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Police union sues city for not paying officer's medical bills

The police union filed a lawsuit Friday to force the city to pay the medical bills of an officer who got sick working at ground zero after the Sept. 11, 2001, terrorist attacks.

The Patrolmen's Benevolent Association said in court papers that Christopher Hynes, 36, worked more than 100 hours in the recovery and cleanup of the World Trade Center after the attacks without being issued proper protective respiratory gear.

The PBA's court papers argue the city's administrative code makes the city responsible for all medical expenses incurred by any police officer who is injured or becomes ill in the line of duty.

The papers filed in Manhattan's state Supreme Court say Hynes was exposed to and inhaled more than 400 lethal toxins, including benzene, asbestos, mercury and PCBs, as well as glass shards and pulverized concrete.

In March 2004, Hynes was diagnosed with sarcoidosis and Lofgren's syndrome, a form of sarcoidosis. He is now on restricted duty and has been sued for $5,000 for bills related to his medical treatment, the PBA says.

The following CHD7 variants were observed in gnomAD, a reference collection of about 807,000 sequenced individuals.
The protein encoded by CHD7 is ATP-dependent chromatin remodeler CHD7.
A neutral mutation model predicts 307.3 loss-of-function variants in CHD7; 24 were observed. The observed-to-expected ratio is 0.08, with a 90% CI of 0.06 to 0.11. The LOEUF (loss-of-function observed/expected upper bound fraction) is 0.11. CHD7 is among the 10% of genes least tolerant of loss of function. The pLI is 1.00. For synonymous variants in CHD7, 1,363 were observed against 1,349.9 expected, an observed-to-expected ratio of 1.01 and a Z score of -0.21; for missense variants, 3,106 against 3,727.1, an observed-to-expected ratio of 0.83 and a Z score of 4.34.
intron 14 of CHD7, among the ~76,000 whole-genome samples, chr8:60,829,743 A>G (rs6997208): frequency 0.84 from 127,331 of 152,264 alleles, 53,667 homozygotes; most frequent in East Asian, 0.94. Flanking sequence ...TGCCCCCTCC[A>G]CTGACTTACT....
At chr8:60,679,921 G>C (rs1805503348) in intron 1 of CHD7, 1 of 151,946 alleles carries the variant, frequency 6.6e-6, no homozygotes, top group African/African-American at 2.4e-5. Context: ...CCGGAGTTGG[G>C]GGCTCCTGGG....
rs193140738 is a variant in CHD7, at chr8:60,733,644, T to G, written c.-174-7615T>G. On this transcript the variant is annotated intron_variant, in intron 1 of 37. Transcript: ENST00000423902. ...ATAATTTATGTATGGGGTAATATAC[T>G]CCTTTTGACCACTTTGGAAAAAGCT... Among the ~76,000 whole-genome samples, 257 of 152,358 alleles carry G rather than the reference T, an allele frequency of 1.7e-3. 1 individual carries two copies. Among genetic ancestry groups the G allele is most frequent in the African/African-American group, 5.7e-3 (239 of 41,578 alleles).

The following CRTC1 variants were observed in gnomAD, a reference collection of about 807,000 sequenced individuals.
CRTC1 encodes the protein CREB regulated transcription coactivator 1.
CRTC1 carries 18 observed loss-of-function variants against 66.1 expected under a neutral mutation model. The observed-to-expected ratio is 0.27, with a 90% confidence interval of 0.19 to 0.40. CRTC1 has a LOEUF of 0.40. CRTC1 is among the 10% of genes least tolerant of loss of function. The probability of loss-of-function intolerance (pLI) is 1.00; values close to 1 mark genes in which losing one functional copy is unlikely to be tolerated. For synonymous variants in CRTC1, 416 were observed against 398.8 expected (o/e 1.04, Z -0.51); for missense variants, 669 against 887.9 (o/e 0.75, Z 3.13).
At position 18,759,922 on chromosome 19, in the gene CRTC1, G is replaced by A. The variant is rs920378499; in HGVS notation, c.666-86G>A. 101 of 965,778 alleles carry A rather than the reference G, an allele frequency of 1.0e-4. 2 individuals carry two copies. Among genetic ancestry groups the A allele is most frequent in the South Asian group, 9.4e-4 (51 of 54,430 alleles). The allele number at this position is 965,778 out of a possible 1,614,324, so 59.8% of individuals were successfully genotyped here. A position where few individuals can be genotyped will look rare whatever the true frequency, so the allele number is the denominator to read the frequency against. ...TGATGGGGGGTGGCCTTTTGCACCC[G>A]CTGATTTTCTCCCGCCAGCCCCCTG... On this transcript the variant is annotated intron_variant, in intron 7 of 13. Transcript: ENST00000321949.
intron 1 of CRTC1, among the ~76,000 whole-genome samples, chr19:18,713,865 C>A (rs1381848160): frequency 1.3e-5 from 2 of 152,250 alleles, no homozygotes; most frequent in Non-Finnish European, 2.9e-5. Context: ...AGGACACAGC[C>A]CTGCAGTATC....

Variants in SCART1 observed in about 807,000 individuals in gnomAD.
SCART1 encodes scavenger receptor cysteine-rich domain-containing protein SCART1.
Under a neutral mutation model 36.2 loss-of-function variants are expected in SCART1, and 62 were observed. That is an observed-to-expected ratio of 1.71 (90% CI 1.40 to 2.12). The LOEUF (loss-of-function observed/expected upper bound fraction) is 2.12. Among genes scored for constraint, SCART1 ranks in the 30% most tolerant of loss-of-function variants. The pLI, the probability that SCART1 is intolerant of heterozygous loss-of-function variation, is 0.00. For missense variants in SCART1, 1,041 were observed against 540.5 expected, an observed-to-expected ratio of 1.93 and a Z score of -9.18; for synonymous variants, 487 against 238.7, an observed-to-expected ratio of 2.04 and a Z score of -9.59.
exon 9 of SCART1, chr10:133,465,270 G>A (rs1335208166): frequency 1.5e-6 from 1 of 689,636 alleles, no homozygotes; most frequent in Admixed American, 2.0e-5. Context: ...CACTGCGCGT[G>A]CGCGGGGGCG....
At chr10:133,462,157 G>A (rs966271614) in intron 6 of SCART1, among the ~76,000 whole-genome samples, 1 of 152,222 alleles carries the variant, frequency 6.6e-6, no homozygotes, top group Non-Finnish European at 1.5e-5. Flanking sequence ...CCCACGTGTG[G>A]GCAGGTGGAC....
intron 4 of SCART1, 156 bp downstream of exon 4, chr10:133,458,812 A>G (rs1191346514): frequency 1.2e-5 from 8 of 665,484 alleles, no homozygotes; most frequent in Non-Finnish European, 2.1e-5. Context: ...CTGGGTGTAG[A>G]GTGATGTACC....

Sarcoidosis is an inflammation that produces tiny clumps of cells in various organs that can affect their functioning.

The Police Department's medical division has denied Hynes the line-of-duty illness designation three times, indicating they believe there is no medical or scientific link between his illness and his presence at ground zero, the PBA says.

New York City firefighters with Sept. 11-related sarcoidosis are routinely granted line-of-duty status and the city pays all their medical bills, the PBA says.

The Police Department's spokesman, Paul J. Browne, said he had no comment on the lawsuit.